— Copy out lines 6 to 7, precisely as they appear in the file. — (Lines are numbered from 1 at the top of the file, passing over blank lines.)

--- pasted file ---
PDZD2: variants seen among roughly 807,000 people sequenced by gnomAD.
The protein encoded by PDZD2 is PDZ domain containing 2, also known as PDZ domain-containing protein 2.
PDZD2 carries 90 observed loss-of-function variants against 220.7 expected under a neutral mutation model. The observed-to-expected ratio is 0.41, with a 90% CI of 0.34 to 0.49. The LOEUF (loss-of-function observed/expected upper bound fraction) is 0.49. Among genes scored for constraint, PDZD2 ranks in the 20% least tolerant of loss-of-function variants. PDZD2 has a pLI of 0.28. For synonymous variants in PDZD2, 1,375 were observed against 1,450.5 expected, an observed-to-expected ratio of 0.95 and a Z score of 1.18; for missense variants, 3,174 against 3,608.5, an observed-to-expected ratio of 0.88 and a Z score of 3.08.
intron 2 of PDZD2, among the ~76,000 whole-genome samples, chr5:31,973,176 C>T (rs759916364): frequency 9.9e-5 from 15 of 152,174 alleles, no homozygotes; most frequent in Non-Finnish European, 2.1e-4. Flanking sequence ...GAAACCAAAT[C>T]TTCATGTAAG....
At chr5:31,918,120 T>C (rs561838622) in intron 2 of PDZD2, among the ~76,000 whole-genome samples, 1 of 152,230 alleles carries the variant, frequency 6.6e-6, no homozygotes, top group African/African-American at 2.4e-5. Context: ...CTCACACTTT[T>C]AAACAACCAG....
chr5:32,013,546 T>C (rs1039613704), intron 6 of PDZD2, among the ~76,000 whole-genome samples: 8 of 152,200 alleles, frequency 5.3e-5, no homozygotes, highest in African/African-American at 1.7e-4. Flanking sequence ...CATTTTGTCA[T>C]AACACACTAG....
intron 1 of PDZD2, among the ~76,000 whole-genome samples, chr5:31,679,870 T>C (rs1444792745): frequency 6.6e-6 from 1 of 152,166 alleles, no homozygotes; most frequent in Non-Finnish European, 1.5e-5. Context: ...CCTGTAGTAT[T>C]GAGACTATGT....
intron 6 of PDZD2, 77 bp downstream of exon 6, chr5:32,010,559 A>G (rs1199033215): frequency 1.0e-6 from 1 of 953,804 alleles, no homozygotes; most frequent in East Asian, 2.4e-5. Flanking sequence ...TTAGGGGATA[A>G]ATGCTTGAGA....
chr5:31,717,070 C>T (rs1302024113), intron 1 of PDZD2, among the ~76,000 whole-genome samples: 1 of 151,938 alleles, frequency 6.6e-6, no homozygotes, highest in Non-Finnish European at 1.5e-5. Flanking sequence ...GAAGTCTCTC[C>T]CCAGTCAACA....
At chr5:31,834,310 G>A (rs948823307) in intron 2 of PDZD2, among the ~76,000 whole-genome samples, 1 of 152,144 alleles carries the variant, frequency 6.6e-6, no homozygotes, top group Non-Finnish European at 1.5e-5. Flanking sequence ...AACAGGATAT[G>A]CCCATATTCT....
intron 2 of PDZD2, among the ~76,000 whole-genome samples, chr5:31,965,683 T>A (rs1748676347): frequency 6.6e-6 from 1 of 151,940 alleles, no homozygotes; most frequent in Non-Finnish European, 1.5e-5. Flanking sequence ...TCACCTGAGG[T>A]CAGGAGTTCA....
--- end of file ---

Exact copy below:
chr5:32,013,546 T>C (rs1039613704), intron 6 of PDZD2, among the ~76,000 whole-genome samples: 8 of 152,200 alleles, frequency 5.3e-5, no homozygotes, highest in African/African-American at 1.7e-4. Flanking sequence ...CATTTTGTCA[T>C]AACACACTAG....
intron 1 of PDZD2, among the ~76,000 whole-genome samples, chr5:31,679,870 T>C (rs1444792745): frequency 6.6e-6 from 1 of 152,166 alleles, no homozygotes; most frequent in Non-Finnish European, 1.5e-5. Context: ...CCTGTAGTAT[T>C]GAGACTATGT....